Beginnings are hard

Beginnings are hard.

When [REDACTED] told me that he wanted to go to law school, I didn’t think much about it.

I was in a job that left me feeling empty at the end of each day, and I figured some change would be good.

He started studying for the LSAT and I started a preliminary job search, not expecting much.

[REDACTED] took the LSAT, and I took an offer for a new job. Everything was fine.

Then, reality hit. I came home from work, feeling fulfilled, and [REDACTED] came home from work feeling empty. He was ready for a change. I was not.

I was falling in love with my new job. I loved the work, the people, the place – it was perfect. Except, [REDACTED] was applying to law schools in every direction. Law schools that were far far away from my perfect job.

I started to resent law school. And then, I started to resent [REDACTED].

Why did he get to pursue this big dream goal while I had to give up everything? Why couldn’t he just get a new job and go to law school later?

Hindsight being 20/20, I realize now that I was being selfish. [REDACTED] had spent years in a job that didn’t fit his passions or his goals. He had told me he wanted to go to law school, he had even gone through an entire application process already and decided to wait an extra year. He had studied for the LSAT for months. I had wrapped myself in a cozy little blanket of denial and plowed ahead at my job as if law school was just a passing phase. I hadn’t done the work I needed to prepare myself for what was inevitable.

But how could I even begin to explain to [REDACTED]—whose dreams centered around going to law school—that his dream was my nightmare. How could I be so selfish to think that my desire to stay at my job (a job that fulfilled my soul, but did not fulfill our need for health insurance) was more important than his desire to leave his job (which did provide our health insurance, but didn’t fulfill [REDACTED]’s soul)?

I’m going to pause here and say, I haven’t been married for that long, but I can tell you this: when in doubt, go to therapy.

Before we got married (and moved in together), we went to therapy. Marriage is the most involved team sport I will ever play, and a therapist is like the team coach.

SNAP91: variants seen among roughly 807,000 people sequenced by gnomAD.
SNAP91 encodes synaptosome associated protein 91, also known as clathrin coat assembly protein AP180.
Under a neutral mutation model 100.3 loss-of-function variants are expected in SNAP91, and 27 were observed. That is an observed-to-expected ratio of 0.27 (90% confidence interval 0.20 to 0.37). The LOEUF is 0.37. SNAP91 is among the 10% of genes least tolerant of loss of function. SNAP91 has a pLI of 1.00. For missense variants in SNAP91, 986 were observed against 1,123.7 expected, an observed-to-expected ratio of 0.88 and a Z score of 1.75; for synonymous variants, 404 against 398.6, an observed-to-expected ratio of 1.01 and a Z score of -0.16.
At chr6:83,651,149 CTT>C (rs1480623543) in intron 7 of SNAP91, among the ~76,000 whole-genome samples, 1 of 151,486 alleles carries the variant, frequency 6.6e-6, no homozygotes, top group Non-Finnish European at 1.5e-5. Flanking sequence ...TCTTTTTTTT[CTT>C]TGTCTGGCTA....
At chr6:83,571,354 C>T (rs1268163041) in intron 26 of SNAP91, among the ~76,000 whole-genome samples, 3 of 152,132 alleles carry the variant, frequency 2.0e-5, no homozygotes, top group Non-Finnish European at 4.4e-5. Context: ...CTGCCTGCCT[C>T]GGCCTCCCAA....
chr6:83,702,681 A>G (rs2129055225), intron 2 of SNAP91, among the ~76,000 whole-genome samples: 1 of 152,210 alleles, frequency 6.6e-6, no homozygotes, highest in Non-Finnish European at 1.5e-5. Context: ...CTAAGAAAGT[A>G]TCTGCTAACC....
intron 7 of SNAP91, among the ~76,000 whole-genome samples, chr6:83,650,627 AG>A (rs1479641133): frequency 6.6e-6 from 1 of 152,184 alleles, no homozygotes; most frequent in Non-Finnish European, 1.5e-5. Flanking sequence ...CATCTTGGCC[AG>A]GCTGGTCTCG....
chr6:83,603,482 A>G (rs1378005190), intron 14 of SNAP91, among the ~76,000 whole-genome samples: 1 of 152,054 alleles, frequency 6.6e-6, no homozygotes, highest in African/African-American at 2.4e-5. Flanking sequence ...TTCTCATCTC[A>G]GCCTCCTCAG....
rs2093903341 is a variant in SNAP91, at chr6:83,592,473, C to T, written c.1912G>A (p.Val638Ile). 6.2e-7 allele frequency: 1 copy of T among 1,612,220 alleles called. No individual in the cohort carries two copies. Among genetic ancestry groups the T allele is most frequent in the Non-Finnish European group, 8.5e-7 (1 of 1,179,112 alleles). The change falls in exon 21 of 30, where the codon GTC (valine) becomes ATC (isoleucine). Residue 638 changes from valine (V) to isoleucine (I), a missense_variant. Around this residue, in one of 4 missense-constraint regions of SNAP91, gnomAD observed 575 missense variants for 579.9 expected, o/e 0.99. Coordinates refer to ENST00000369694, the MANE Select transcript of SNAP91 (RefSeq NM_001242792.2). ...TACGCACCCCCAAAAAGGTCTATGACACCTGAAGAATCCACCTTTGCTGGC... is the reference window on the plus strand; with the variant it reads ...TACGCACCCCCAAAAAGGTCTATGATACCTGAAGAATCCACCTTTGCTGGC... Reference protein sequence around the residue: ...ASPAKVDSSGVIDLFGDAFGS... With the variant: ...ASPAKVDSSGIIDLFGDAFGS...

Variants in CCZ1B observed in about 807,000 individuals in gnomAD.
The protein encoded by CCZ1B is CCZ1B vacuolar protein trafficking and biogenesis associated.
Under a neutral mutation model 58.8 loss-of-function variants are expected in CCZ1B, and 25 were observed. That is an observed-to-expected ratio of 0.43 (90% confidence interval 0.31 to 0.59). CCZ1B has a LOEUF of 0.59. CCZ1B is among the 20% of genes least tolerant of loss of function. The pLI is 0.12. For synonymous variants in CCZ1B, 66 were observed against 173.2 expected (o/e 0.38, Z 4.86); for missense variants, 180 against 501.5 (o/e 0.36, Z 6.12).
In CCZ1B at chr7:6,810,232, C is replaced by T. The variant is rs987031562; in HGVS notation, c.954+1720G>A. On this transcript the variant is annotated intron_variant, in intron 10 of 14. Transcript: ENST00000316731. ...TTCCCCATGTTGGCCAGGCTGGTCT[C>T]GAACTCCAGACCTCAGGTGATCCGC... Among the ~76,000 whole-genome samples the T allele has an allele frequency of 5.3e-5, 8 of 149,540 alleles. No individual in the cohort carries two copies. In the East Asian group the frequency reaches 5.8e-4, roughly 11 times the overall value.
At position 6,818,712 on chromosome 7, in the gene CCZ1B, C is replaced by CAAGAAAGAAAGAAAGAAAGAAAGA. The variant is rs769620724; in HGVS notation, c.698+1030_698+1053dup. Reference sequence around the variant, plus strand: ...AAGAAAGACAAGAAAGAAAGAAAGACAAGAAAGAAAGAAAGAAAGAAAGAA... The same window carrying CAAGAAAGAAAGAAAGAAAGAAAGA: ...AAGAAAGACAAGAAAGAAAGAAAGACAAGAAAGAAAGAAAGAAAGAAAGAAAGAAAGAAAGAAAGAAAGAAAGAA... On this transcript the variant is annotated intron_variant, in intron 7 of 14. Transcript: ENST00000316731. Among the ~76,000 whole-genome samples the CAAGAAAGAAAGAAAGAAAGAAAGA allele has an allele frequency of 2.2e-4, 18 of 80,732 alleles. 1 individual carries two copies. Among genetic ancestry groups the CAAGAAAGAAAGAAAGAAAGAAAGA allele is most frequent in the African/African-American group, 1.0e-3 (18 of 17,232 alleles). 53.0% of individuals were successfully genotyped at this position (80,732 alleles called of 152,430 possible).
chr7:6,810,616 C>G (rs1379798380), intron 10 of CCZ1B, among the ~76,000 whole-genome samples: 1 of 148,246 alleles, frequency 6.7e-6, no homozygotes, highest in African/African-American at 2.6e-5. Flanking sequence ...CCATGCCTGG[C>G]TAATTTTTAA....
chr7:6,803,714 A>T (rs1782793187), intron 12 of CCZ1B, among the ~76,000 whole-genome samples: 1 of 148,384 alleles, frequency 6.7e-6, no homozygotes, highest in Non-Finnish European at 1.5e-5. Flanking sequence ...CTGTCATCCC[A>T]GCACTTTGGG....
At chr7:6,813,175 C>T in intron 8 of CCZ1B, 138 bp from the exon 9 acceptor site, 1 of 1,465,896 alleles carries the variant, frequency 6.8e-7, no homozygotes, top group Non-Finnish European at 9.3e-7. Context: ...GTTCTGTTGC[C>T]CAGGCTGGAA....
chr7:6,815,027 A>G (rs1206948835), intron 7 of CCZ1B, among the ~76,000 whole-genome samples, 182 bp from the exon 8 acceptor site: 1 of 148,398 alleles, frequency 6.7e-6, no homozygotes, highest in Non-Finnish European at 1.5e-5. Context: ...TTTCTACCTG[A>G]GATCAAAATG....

Before we got a dog, we probably should have gone to therapy. But, I was still wrapped in my cozy blanket of denial, and the dog was wrapped up in some serious maybe-this-will-make-[REDACTED]-forget-law-school brain storming. (Don’t get me wrong – that dog has become one of my favorite things, we adore her, and she is very good.) The dog is beside the point.

As I said before—beginnings are hard.

Starting therapy was hard. Being in therapy was hard. It took a while before the work that we were doing with our therapist became habits that we (try to) stick to today.

First was listening, and talking. I had been too scared to open up about my fears about law school—mainly, that I had only ever lived in one place and was terrified of moving. The “What if”s really started to build.

What if [REDACTED] made new friends, and I was left all alone?

What if his schedule meant he was never home, and I was all alone?

What if we moved, and I got a new job, and I hated that new job, and then I started to hate him?

What if I stopped loving him, or he stopped loving me?

That was the worst “what if” of all.

So, [REDACTED] and I set some boundaries. We decided that some nights, we would talk about law school. Other nights, we would talk about anything and everything except law school.

I assigned myself some homework—to research the places where [REDACTED] was excited to apply to. And I gave [REDACTED] some homework, which was to look at schools close to home, and get excited about applying to them.

In the beginning, it was hard. But with small steps and intentional conversations about the future and our hopes and dreams (as individuals and as a couple), we came up with a list of eight schools.

I gave myself a pat on the back for all of our hard work. We did it!

We had a list. The Epic Law School Cycle was over.

Oh friend, was I ever wrong.

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